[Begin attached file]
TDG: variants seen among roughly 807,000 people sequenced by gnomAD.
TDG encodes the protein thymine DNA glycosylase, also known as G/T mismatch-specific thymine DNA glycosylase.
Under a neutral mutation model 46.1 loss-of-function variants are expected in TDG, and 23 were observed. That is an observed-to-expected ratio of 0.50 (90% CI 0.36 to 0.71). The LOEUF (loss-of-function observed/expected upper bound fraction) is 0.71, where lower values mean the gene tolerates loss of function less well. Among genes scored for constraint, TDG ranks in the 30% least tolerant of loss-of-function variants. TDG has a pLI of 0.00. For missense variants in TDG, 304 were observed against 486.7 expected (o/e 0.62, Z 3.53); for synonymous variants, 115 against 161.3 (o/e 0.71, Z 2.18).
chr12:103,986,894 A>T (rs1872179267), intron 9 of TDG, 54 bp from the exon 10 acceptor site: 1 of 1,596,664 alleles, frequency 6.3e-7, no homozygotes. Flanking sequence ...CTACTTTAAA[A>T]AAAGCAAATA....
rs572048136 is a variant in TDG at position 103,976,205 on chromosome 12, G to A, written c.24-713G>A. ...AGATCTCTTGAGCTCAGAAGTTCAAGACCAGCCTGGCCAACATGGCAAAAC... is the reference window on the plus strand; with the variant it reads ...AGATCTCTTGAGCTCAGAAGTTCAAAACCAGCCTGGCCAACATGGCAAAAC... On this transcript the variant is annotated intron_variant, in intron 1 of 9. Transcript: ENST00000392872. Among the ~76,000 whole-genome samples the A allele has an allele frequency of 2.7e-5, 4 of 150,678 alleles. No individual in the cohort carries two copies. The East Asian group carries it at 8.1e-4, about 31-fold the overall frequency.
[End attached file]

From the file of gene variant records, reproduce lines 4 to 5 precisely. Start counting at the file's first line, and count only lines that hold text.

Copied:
chr12:103,986,894 A>T (rs1872179267), intron 9 of TDG, 54 bp from the exon 10 acceptor site: 1 of 1,596,664 alleles, frequency 6.3e-7, no homozygotes. Flanking sequence ...CTACTTTAAA[A>T]AAAGCAAATA....
rs572048136 is a variant in TDG at position 103,976,205 on chromosome 12, G to A, written c.24-713G>A. ...AGATCTCTTGAGCTCAGAAGTTCAAGACCAGCCTGGCCAACATGGCAAAAC... is the reference window on the plus strand; with the variant it reads ...AGATCTCTTGAGCTCAGAAGTTCAAAACCAGCCTGGCCAACATGGCAAAAC... On this transcript the variant is annotated intron_variant, in intron 1 of 9. Transcript: ENST00000392872. Among the ~76,000 whole-genome samples the A allele has an allele frequency of 2.7e-5, 4 of 150,678 alleles. No individual in the cohort carries two copies. The East Asian group carries it at 8.1e-4, about 31-fold the overall frequency.